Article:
Opinion
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Our fragile economy of stock bubbles and luxury goods

Income inequality is creating a new normal of high-end consumption and inflated stock prices driving anemic growth

April 29, 2014 3:30AM ET

Imagine a world in which those who work — or try to work— are given mere scraps. Imagine an economy that is driven purely by speculation by the wealthy, the gains of which are then spent in high-end stores, the source of employment for those lucky enough to have a job. Imagine economic institutions that puzzle over the slow growth experienced in this economy, uncertain as to the cause.

Imagine no more, because this is the world we live in. Thankfully, however, two economists have finally pieced together the puzzle from disparate fragments of data to explain this malaise.

In a recent study (PDF), Steven Fazzari and Barry Cynamon start with what seems to be a paradox: Keynesian economic theory, together with common sense, tells us that higher-income groups should spend less in relation to their income than lower-income groups. However, since 1980, inequality in the United States has risen enormously, yet household spending has increased to historic highs.

According to the authors, the reason this occurred is that the debt-to-income ratio for the bottom 95 percent of the population rose enormously. Cynamon and Fazzari were then able to break down the rate of consumption among income groups. Looking at this graph (below), we can see that it tells us a great deal about the structure of the U.S. economy.


Consumption rates for the bottom 95% and the top 5%




Source: Mark Zandi, Bureau of Economic Analysis, Flow of Funds, Calculations by Steven Fazzari and Barry Cynamon.

The authors explain the meekness of the recovery in the U.S. by pointing out that the consumption rate among the bottom 95 percent has failed to return to its prerecession level. This is due to the fact that households are unwilling — and probably unable — to take on more debt to fuel another substantial boom.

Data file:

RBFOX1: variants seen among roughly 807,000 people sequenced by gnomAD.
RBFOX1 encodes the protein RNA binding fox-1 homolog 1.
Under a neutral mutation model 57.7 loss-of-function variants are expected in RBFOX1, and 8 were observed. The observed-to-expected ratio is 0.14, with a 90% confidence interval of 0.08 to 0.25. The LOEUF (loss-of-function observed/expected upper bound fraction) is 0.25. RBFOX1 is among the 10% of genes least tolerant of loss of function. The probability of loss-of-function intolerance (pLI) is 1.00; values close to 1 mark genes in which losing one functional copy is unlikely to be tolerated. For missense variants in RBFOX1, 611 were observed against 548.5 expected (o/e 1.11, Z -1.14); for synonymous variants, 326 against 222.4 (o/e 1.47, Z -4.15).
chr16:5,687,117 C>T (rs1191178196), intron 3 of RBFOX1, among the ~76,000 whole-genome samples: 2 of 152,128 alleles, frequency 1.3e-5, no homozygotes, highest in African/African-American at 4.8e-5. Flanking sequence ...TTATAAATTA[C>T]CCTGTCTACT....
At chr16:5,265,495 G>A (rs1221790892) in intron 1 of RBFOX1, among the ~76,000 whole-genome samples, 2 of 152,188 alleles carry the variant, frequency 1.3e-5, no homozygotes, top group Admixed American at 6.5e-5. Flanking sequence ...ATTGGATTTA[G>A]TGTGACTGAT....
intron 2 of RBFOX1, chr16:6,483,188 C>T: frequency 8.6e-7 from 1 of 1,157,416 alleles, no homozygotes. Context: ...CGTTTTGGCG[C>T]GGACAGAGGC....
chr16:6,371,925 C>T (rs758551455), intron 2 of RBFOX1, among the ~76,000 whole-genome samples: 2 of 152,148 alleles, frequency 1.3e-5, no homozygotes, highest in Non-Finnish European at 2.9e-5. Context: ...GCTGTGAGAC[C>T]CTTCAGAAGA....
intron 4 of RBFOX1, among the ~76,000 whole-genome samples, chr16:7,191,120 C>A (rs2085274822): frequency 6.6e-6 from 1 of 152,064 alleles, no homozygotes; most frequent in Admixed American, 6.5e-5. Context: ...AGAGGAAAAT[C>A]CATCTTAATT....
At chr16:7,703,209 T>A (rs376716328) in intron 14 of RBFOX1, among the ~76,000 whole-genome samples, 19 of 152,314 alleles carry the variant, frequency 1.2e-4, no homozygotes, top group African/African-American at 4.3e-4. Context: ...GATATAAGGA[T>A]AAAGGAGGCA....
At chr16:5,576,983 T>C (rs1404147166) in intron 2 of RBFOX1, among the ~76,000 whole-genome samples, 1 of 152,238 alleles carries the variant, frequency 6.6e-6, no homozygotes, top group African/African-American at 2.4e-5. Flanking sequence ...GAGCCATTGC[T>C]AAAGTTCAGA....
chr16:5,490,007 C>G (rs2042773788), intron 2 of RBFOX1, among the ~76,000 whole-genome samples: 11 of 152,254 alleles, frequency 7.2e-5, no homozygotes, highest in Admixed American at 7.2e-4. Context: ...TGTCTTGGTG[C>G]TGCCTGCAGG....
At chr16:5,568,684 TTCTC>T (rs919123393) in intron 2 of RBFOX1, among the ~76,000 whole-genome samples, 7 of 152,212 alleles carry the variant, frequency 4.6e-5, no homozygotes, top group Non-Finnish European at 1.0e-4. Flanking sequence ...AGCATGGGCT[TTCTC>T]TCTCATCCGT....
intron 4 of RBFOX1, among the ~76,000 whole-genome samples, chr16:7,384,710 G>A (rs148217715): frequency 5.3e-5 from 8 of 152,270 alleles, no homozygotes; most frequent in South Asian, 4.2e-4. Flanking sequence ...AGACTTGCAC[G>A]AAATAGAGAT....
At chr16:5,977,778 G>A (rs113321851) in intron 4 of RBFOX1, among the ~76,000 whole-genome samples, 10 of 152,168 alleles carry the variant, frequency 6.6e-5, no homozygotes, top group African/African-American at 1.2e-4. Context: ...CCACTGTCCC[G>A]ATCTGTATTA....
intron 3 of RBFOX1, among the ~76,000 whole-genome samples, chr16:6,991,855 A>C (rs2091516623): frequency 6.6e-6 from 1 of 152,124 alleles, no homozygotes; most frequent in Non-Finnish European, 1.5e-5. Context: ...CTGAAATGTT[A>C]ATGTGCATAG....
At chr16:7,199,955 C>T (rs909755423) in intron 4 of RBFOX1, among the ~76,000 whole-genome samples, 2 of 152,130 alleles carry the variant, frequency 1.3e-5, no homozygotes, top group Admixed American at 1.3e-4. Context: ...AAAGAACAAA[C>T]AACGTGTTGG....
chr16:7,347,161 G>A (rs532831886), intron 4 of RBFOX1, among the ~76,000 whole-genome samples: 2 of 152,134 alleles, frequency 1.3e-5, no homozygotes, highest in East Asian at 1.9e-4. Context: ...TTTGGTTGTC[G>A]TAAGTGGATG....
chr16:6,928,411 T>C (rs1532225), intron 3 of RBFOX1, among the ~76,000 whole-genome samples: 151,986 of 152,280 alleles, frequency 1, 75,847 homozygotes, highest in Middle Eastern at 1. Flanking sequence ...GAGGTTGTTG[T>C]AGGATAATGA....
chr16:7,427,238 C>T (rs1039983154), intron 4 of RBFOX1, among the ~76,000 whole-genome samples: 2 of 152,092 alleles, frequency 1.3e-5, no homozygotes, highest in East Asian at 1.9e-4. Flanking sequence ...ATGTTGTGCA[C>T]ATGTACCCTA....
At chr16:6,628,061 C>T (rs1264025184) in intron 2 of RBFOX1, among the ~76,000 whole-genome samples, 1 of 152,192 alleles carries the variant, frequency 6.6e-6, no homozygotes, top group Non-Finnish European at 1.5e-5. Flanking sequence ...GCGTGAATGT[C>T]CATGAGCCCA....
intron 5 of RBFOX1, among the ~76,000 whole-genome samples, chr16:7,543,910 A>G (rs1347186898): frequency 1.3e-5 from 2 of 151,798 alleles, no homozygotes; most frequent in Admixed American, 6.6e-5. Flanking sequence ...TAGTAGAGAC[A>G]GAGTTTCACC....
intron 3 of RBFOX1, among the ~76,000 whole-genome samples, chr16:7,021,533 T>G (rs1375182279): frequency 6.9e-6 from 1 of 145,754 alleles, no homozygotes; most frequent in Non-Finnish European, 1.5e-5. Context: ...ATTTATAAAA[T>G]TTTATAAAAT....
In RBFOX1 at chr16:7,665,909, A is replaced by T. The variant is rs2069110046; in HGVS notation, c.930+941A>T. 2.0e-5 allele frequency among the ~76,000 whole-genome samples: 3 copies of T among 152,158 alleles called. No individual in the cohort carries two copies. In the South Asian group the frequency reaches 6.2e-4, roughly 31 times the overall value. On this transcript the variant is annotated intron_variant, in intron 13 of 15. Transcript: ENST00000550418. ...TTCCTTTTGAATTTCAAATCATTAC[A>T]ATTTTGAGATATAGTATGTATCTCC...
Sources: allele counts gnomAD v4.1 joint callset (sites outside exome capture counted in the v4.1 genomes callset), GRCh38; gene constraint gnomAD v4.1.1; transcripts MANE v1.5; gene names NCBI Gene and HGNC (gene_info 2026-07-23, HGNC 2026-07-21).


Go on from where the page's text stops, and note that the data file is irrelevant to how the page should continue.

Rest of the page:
We should note, however, how the consumption rate of the top 5 percent of households soared after 2008. The recovery in the U.S., for what it is, is probably explained by this. While Cynamon and Fazzari’s data are for the United States, I am confident that similar trends are taking place across the developed world.

What fueled this consumption boom? While Cynamon and Fazzari do not provide an explanation, evidence points to the gains that the top 5 percent of households have made from rising stock prices thanks to the quantitative easing programs enacted by central banks in the U.S. and the U.K. after the financial crisis.

The way this works is that extremely low interest rates and the massive amounts of liquidity pumped into the banks cause investors to stake out positions in more risky assets, such as stocks. Add the fact that corporations have been using the record profits that they have been receiving since the start of the crisis to engage in share buybacks and dividends and you’ve got a recipe for a stock market boom detached from fundamentals. Economist Robert Shiller’s price-earnings ratio, a key measure of the confidence of stock market investors, rose from its recent low of 15.10 in 2009 to 25.72 in March of 2014 — almost as high as just before the crisis.

A booming stock market is endowing the top 5 percent of the population with money, which they then spend on consumption, while the rest of the country and the economy as a whole struggle. But is this rather weak recovery sustainable?

It just might be. Provided that the top 5 percent keep their animal spirits afloat and continue to recycle money into the stock market, gains in asset prices can buttress high levels of consumption among this group. This seems to provide just enough consumption that the economy recovers to a very limited extent. On the other hand, if investors ever get spooked, the market, followed by the whole economy, could come crashing down.

The massive disparities in income distribution — which have only worsened since the crisis — have given us an economy that is as prone to disequilibrium and collapse as a plate spinning on a stick. And if the animal spirits in the financial markets that are providing momentum ever recede, then we will be left with yet another mess to clean up.

Philip Pilkington is a London-based economist and member of the Political Economy Research Group at Kingston University. He runs the blog Fixing the Economists.

The views expressed in this article are the author's own and do not necessarily reflect Al Jazeera America's editorial policy.

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